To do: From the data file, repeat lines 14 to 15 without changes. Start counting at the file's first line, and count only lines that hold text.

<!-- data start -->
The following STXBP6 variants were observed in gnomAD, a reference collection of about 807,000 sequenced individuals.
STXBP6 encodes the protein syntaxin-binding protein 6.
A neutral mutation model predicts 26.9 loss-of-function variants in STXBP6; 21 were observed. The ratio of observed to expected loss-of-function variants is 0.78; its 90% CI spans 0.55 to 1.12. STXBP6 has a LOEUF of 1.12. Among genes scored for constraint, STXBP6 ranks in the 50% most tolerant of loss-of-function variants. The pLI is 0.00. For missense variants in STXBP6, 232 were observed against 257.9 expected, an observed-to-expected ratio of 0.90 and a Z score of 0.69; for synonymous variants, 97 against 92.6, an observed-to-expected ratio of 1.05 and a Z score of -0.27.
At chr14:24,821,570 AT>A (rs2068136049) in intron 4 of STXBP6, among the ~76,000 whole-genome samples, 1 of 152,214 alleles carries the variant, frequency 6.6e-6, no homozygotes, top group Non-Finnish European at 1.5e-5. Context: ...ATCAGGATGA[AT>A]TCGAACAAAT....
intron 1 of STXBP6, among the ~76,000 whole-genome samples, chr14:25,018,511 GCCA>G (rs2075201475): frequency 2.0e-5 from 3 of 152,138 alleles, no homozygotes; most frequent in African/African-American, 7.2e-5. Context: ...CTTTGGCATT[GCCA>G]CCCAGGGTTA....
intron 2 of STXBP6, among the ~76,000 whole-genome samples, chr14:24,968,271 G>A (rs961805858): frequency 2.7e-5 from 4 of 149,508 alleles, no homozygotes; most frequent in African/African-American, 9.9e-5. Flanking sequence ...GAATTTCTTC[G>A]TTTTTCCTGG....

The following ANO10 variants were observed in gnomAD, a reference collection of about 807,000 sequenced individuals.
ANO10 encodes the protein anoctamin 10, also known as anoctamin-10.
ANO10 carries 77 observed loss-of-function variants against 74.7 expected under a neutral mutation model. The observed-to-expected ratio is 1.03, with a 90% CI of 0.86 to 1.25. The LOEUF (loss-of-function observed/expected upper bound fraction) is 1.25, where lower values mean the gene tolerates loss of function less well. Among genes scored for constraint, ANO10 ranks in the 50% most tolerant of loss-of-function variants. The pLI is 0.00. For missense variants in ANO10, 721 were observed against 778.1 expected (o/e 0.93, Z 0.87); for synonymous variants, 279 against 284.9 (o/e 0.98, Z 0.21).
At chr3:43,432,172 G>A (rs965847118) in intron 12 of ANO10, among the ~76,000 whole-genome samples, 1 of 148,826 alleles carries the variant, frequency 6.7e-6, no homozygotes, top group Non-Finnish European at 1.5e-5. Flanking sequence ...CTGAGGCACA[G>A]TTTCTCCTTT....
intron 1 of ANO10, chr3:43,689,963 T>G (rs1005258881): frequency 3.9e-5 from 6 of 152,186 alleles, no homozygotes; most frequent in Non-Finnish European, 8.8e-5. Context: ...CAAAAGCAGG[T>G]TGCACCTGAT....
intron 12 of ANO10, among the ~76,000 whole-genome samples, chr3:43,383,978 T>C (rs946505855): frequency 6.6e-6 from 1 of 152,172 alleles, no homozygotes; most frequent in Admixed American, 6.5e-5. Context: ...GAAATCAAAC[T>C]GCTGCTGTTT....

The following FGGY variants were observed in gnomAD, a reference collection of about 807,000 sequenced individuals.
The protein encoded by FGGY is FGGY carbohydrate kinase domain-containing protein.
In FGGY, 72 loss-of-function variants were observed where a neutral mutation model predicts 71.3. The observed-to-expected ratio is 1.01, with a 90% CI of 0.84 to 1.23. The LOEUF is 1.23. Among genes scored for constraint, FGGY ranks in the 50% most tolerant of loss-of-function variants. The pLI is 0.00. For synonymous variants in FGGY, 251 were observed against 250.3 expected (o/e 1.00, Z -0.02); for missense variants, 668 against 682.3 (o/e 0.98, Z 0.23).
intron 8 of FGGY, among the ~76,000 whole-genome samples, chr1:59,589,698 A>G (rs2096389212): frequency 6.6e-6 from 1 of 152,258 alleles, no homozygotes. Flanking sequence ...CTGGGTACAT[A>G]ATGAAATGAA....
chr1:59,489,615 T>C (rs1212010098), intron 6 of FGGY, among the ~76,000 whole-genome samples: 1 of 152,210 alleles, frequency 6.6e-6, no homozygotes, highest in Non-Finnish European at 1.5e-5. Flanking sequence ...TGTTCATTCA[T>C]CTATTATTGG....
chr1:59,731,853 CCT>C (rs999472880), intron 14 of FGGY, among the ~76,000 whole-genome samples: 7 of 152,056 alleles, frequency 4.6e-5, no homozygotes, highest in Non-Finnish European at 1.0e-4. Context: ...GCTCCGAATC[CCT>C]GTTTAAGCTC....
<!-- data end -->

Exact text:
The protein encoded by FGGY is FGGY carbohydrate kinase domain-containing protein.
In FGGY, 72 loss-of-function variants were observed where a neutral mutation model predicts 71.3. The observed-to-expected ratio is 1.01, with a 90% CI of 0.84 to 1.23. The LOEUF is 1.23. Among genes scored for constraint, FGGY ranks in the 50% most tolerant of loss-of-function variants. The pLI is 0.00. For synonymous variants in FGGY, 251 were observed against 250.3 expected (o/e 1.00, Z -0.02); for missense variants, 668 against 682.3 (o/e 0.98, Z 0.23).